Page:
Much better, and worth the considerable extra cost IMHO, is the Tascam CD-BT1 "Bass Trainer". This is NOT just a headphone amp. The CD-BT1 includes a CD player with controls to change both pitch and tempo -- very useful for learning bass lines from CDs -- and has other useful functions including some effects. The tuner function works well with my four-string basses, but I don't know if it works with a five-string's B. One downside is battery consumption when using the CD player; I typically get only two to three hours out of four AA alkalines, so I recommend getting the optional AC "wall wart" and using house current whenever possible.

    As for headphones, most of the ones available these days have pretty good frequency response but some have a bit more bass than others. My headphones of choice for either amp are Koss Portapros; they're louder than most other "portable" headphones, sound great (especially in the bass frequencies), and are surprisingly rugged for a fold-up design. I keep a set in my gear bag along with the Tascam CD-BT1, extra AA alkalines and a few favorite CDs. If you plan on using the headphone amp mainly at home (or in a dormitory), you might prefer a reasonably priced set of closed-back, over-the ear headphones of the sort used with home stereo systems.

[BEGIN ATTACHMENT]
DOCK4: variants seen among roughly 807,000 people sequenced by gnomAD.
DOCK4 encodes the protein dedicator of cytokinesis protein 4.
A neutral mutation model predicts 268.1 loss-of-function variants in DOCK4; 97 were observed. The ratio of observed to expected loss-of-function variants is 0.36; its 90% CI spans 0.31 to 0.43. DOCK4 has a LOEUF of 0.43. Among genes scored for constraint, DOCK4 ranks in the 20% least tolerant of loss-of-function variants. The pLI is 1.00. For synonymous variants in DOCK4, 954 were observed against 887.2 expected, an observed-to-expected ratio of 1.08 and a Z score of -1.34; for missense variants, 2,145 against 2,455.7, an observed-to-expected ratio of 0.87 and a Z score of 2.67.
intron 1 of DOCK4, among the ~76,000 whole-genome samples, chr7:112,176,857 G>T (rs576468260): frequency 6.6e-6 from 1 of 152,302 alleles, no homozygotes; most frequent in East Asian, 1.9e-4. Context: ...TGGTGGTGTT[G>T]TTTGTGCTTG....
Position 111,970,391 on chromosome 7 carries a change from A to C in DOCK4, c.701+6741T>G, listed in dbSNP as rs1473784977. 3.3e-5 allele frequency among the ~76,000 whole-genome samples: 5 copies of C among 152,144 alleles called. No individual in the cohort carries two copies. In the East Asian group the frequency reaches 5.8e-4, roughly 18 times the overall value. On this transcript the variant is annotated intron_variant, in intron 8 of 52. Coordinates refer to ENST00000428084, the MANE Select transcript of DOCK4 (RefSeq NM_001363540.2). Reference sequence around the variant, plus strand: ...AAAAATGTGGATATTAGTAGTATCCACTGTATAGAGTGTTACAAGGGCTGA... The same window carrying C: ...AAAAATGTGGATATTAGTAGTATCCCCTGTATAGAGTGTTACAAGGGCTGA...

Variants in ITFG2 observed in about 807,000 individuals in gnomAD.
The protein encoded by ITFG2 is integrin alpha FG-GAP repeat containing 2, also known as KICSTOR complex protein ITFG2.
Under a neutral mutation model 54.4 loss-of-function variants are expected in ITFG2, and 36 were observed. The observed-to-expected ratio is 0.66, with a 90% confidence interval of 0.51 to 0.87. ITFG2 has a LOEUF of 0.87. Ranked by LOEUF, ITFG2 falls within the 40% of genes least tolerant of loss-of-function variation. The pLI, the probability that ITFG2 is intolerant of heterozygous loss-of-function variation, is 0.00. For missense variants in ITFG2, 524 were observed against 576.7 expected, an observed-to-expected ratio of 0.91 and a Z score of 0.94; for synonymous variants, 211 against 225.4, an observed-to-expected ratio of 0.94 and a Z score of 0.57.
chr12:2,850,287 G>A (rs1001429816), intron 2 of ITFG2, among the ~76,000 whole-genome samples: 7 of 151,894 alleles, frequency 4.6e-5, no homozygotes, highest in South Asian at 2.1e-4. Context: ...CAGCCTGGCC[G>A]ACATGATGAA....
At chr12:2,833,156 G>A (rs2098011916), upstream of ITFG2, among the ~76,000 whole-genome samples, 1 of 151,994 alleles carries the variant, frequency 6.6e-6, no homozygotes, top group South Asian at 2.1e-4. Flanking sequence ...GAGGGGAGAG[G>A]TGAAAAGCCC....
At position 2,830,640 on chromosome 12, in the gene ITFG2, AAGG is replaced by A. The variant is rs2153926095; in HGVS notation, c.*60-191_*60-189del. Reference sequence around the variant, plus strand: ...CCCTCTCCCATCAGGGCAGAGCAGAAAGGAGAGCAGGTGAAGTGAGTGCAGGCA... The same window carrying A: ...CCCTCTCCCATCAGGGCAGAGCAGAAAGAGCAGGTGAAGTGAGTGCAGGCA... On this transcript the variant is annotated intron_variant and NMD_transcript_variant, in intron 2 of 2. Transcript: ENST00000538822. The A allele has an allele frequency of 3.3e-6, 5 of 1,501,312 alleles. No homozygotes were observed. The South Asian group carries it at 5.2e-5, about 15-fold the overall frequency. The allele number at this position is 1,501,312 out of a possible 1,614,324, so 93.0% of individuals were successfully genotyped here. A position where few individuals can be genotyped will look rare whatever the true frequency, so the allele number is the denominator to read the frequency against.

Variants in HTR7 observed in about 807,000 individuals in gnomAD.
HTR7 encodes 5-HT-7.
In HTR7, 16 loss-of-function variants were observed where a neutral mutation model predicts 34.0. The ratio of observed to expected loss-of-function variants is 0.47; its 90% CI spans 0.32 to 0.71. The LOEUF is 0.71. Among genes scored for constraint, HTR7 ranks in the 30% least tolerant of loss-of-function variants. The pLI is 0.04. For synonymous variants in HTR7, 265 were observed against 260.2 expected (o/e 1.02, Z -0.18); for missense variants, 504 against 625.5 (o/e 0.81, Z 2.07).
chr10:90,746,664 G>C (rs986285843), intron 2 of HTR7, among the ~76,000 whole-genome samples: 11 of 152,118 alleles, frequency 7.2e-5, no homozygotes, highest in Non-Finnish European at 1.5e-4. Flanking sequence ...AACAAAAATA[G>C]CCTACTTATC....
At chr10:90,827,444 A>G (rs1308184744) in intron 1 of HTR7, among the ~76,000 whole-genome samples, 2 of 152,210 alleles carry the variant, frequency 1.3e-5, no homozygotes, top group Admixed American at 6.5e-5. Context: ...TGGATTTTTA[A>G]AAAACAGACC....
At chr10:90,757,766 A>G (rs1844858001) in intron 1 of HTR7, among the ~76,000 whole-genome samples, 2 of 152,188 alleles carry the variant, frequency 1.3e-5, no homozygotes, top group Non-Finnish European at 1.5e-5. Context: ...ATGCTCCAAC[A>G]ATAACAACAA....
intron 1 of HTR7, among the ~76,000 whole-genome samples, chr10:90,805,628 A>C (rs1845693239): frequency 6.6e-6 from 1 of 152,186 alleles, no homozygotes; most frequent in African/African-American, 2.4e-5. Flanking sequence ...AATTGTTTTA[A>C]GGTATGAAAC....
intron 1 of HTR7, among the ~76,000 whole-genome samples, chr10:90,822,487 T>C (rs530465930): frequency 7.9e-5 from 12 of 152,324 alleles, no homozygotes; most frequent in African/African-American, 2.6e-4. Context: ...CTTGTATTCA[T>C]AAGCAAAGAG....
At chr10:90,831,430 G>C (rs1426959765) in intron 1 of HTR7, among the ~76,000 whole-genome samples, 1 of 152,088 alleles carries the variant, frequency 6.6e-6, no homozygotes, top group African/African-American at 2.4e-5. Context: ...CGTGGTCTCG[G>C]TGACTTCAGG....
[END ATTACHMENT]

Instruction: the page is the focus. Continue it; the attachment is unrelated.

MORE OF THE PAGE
I suggest you decide on an amplifier first, and then try it with various headphones to see which ones suit you (and the amp) best. In addition to comfort and sound, be sure to consider the length of the headphone cable; I find the four-foot long cables on some phones intended for use with Walkman-style portables are just too short, but a cable that's six to ten feet long works well. (If the cable is too long, you can always use a plastic twist-tie to take up some of the excess.) Also, make sure the headphone cable either terminates in the appropriate-sized plug for your amplifier, or includes the appropriate adapter.
     
  18. Did anyone try this???

    Nobels Bass Mycro (€ 30,00):


    [​IMG]